On 3rd October 2016 Yoshinori Ohsumi was awarded the Nobel Prize in Physiology & Medicine for his discoveries of mechanisms for autophagy.
What is Autophagy?
So what is autophagy? The word originates from the Greek words auto-, meaning “self”, and phagein, meaning “to eat”. Thus, autophagy means “self-eating”. Essentially, this is how your body cells get rid of its broken, old parts.
Our body consists of about 100 trillion cells. Each cell (100 cells can fit on the head of a pin) has 6 million working parts. Sometimes these working parts need to be replaced. That is where the process of autophagy enters.
Membranes form inside the cell called autophagosomes which collect the broken parts and transport them again to the lysosome. The lysosome are a specialised organelle that contain enzymes to degrade these broken parts (proteins).
Autophagy was first discovered in 1962 by a Belgian scientist, Christian de Duve. He noted an increase in the number of lysosomes in rat liver cells after infusing glucagon and named the process autophagy.
Little was known about this process until a Japanese cell biologist Yoshinori Ohsumi did more studies and research in the early 1990’s into ‘The morphology of autophagy in yeast cells’.
‘Ohsumi’s discoveries led to a new paradigm in our understanding of how the cell recycles its content. His discoveries opened the path to understanding the fundamental importance of autophagy in many physiological processes, such as in the adaptation to starvation or response to infection.
Mutations in autophagy genes can cause disease, and the autophagic process is involved in several conditions including cancer and neurological disease.
Autophagy, Fasting and Anti-aging
Now, what does all of this mean in terms of Anti-Aging? First, we need to understand autophagy a little better. As explained earlier the term autophagy means to ‘eat itself’. In other words parts of the cell are destroyed and replaced.
Our body cells can only go through this process in periods of fasting. Why? Because our glucagon levels (glucagon is a peptide hormone) goes up when we are fasting and insulin levels go down at the same time.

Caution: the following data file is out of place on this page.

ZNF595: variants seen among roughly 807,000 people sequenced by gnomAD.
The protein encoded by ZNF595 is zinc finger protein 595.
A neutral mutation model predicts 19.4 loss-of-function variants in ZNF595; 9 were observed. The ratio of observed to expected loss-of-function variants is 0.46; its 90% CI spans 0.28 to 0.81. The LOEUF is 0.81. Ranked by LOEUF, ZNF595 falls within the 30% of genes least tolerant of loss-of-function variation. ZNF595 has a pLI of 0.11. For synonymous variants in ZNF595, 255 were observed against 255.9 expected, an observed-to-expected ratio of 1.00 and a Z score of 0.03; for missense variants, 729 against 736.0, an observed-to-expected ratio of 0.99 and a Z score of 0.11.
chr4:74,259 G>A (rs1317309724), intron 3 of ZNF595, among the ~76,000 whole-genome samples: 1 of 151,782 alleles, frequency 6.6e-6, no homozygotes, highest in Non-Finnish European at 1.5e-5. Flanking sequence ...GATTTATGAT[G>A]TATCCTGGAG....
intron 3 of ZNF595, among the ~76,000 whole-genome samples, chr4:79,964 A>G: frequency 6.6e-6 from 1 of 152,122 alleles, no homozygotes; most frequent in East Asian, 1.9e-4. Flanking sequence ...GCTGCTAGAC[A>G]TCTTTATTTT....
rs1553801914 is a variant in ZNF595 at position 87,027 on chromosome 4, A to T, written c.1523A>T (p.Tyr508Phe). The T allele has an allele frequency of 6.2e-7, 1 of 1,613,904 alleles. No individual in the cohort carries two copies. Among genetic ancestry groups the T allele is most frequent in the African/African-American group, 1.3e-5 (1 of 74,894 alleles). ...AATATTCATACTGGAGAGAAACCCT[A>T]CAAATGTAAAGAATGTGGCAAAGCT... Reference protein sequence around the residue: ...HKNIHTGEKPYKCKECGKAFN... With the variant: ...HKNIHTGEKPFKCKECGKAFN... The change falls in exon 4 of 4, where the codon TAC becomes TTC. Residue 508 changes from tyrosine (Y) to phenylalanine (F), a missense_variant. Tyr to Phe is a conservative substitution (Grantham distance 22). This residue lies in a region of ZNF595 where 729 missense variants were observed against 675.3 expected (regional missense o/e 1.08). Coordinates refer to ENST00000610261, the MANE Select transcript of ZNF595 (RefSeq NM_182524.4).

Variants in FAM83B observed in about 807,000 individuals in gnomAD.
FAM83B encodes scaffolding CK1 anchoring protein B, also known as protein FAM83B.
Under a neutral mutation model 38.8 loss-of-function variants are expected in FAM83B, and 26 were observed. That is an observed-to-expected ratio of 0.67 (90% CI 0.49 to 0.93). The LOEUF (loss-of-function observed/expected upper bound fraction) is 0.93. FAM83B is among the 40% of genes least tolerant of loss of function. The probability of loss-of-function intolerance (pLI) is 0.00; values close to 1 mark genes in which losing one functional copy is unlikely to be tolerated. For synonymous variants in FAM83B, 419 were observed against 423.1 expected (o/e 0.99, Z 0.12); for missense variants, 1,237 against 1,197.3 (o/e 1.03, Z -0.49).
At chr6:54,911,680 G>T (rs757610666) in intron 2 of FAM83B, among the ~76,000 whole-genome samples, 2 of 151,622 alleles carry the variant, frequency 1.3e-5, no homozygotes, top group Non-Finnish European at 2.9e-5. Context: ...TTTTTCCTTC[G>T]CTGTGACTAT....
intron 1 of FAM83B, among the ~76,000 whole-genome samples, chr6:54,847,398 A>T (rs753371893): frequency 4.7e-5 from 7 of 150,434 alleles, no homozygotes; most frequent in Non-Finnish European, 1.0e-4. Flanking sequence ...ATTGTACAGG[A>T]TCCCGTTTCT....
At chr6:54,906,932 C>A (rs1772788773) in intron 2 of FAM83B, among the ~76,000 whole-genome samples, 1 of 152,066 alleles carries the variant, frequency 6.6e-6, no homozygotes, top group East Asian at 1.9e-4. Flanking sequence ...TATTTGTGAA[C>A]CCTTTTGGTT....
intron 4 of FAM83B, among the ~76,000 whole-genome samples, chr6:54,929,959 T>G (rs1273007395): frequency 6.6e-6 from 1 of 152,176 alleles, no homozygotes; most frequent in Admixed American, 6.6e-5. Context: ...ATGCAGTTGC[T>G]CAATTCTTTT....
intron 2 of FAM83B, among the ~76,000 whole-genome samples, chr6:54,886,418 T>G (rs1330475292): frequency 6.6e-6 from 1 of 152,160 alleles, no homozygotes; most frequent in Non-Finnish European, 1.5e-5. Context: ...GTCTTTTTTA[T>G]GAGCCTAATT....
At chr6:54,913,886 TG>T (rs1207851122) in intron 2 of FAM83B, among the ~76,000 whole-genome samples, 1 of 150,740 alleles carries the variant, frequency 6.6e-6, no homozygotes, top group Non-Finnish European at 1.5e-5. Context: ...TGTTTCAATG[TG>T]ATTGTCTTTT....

This is how our cells including skin cells are able to regenerate themselves, it’s a form of self-cleansing. In other words, old parts in the cells that are responsible for the effects of ageing are marked for destruction and removed.
So, when do I fast? And is it hard to do?
The short answer is you can fast every day and it is not hard to do once your body gets used to the routine of fasting daily. How do I fast daily, you might ask? Actually very easy: say you eat from 11am until 7pm (8 hour window) and then you fast until 11am the next day again (16 hour window), your body has a chance to restore and rebuild itself again and that is a key to anti-aging.
Intermittent Fasting Info-Graphic
Fasting Diet Caution
Note: If you are pregnant & or breast feeding or suffer from hypoglycemic & diabetic conditions, you are better off to avoid doing a scheduled Intermittent Fast until you’ve normalised your blood glucose & insulin levels or weaned your baby off breast feeding.
If you’re concerned before you start, please seek professional advice from your local health care provider. The information in this article & info-graphic is not intended to replace a one on one relationship with a qualified health care professional.